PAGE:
Earlier today, we took a first glance at the complaint filed with the FCC by professor William B. Gleason (an associate professor in chemistry at the U of M Medical School) against “Hope 95.9FM”, a little low-power FM station in Ramsey, in the north ‘burbs (with a couple of AM signals serving Saint Cloud) which is the home of The Late Debate, with Jack Tomczak and Ben Kruse.
You can read the text of the complaint in this morning’s post, or at Dr. Gleason’s blog, (which I hasten to point out has never been described as “something that the FBI Behavioral Unit could use as a case study in odd-looking”; you be the judge), because, lest you missed it this morning, Dr. Gleason is an elite researcher at the very tip-top of his field, at the very bleeding edge of research into saving lives, who barely manages to squeedge in time to blog and write dozens of Twitter tweets a day during breaks in his lab schedule (under his own name and a carefully-honed pseudonym).
Let’s walk through the complaint, point by point:
There are actually three radio stations involved.
They are 1150 and 1300 AM in St. Cloud as well as 95.9 FM in “North Metro”
So far, so good.
Mr. Jack Tomczak harassed and threatened me prior to this show as is documented in the following post:
link to post – click her [sic]
The Twitter exchange in question – starting last Tuesday, May 10 – bounced back and forth between the two. You can read the conversation here, on Tomczak’s Twitter Feed (starting, essentially, with this post), or here on Gleason’s. Name-calling ensued.
Now – is that harassment?
Well, if it’s in a public place, and Tomczak doesn’t break any laws to get there, or when he’s actually there, and doesn’t do anything to warrant anyone telling him he’s a trespasser (or leaves without making a ruckus if someone does call him a trespasser, and goes through channels to deal with that), then he’s no different than any leftyblogger who, say, brings a camera down to the State Office Building to try to catch state legislators (as “Spotty” from Cucking Stool is apparently wont to do), or what Channel Five does when they want to catch, say, loafing public works workers.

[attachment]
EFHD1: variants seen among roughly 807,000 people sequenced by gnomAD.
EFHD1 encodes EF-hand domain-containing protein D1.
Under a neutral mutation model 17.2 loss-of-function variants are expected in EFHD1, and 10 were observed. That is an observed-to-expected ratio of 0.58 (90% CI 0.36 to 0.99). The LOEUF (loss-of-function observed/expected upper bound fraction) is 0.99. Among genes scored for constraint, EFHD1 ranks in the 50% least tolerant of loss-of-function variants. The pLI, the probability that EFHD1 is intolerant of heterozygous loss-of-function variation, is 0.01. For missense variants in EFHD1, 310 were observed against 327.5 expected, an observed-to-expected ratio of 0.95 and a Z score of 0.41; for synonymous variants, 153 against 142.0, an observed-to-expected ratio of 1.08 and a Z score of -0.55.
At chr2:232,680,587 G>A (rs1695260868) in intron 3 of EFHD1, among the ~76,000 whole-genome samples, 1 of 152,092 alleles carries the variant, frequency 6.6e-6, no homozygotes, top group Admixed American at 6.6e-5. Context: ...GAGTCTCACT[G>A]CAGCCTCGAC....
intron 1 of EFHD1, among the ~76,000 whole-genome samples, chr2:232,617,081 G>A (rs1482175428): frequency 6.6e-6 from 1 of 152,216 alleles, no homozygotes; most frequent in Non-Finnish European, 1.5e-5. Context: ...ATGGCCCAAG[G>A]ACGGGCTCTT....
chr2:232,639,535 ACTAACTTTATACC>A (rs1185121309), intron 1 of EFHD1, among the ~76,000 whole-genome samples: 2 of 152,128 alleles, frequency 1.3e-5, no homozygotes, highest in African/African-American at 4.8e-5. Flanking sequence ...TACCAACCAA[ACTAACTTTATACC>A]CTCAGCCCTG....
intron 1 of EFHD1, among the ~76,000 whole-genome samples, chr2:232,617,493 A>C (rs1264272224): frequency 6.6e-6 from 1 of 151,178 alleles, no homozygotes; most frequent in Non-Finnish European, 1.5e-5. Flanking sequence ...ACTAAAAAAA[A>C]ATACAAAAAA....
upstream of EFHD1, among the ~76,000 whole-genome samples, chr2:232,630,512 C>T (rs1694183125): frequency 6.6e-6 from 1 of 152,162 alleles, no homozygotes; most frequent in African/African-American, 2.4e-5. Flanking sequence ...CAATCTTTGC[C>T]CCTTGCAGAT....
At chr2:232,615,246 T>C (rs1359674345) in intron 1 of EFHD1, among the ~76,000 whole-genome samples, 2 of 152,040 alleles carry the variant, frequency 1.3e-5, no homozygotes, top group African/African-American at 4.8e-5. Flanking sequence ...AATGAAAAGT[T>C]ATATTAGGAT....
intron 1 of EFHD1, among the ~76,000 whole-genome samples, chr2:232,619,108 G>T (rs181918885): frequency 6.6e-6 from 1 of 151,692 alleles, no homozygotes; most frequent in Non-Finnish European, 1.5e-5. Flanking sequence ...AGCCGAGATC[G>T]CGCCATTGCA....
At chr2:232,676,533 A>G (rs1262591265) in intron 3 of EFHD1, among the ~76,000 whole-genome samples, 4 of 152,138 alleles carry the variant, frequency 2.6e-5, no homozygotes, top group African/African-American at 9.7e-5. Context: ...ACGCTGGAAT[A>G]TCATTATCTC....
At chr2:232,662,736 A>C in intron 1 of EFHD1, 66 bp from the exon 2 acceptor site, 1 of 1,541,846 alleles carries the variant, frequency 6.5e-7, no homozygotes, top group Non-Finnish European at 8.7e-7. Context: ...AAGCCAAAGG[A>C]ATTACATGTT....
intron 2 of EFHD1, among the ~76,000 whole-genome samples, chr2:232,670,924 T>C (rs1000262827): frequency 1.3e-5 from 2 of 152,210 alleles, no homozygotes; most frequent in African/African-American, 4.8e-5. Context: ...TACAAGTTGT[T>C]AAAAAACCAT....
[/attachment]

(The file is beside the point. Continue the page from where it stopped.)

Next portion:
Of course, Channel Five doesn’t phrase their requests for interviews with terms like “asshole“. Which was Tomczak’s sole mistake. But, I hasten to add, that took place on Twitter - a place where the FCC has no jurisdiction.
Still – does that sound threatening? Tomczak noted that he would “bring my 8 month that you think I’m wasting my time with.”
So Tomczak wasn’t doing anything wrong – and even if he was, “Harassment” that doesn’t happen on the air is not the FCC’s jurisdiction. If Bill Gleason felt “harassed”, going to the FCC is of no more use than going to KARE-TV’s Ron Schara for a “Minnesota Bound” segment.
Harassment is law-enforcement’s ‘job.
Also available at this location is a clip of the objectionable material broadcast. Many of the things that Mr. Tomczak says are untrue as is evident from his twitter feed.
Many of the things said are wrong and he had a responsibility to check them out before making these outrageous claims.
It’s hard to know what Gleason meant by this – which, given the frenetic pace of research and publication that a U of M Medical School chemistry professor keeps, is probably understandable. Go ahead and read the whole exchange – on Tomczak’s twitter feed, or Gleason’s version of it – and find something that’s “untrue”. There was the sarcastic reference to checking for alcohol on Gleason’s breath at 2PM – which wasn’t really an “untrue claim” as it was a bit of sarcasm.
Here’s an example to help you sort things out: if someone, for example, states as a mater of fact that you have a conviction for driving while intoxicated on your record, and you don’t? That’s an untrue claim!
And if someone makes that claim based on information he got from a source that even a five-year-old knows is bogus – say, a spam advertising site – and then blusters about it? Then that someone is failing in his responsibility to check his facts. And that is defamation, and while it’s very difficult to prove in court, it’s legally actionable.
But what if Tomczak really did say something untrue about Gleason? Something untrue that might damage the reputation and livelihood of a professor at the absolute bleeding edge of his field? What if, as Gleason says in his complaint…: